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Not surprisingly, I thought of a better way to do this after I'd bought the stock and started the job. Still, the aluminum bar is relatively inexpensive - its actually the time it takes that makes this a lot of work for a very simple piece. I turned it down to fit inside the top of the pump housing...

 

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Then flipped it around and took the excesses off... It would have been easier if I'd put a hole in the center and turned it on a mandrel or arbor but I don't want to have to plug that hole.

 

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So, one down and one to go. When this is done, I should be able to assemble the first pump and, of course, I now have the parts to fix the second one.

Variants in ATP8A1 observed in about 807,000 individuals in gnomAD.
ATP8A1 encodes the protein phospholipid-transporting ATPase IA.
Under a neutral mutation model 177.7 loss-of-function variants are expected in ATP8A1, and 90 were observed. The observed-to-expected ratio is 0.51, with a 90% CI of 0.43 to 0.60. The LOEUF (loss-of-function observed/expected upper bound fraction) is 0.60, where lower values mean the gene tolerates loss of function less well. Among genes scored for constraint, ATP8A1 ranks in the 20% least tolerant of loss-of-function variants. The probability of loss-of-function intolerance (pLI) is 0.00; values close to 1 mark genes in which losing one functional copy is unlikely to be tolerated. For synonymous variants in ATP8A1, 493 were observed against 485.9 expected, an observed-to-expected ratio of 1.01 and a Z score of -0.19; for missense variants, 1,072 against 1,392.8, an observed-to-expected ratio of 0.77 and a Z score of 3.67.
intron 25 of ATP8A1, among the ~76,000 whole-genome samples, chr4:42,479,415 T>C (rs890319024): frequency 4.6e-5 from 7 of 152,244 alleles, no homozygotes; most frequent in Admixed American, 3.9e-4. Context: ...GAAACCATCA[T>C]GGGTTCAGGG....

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I trimmed the other plug first thing this morning and then set up the small dividing head to drill jp;es for the attaching screws. Rather than measure it, I used the original water connection.

 

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Then drilled the holes...

 

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Because my cam is round, it partly covers the holes for the bolts that attach this to the pump so I set it up in the mill to cut a half-circle relief for the heads of the bolts.

 

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I also painted the other casting. Now I have a few small things to do... I have one gasket to make but I'm going to try using o-rings for the other two connections. I suspect this will work just fine and I don't like the idea of "gluing" the pieces together with gasket cement. I like to be able to take things apart if I have to...

 

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Edited by JV Puleo (see edit history)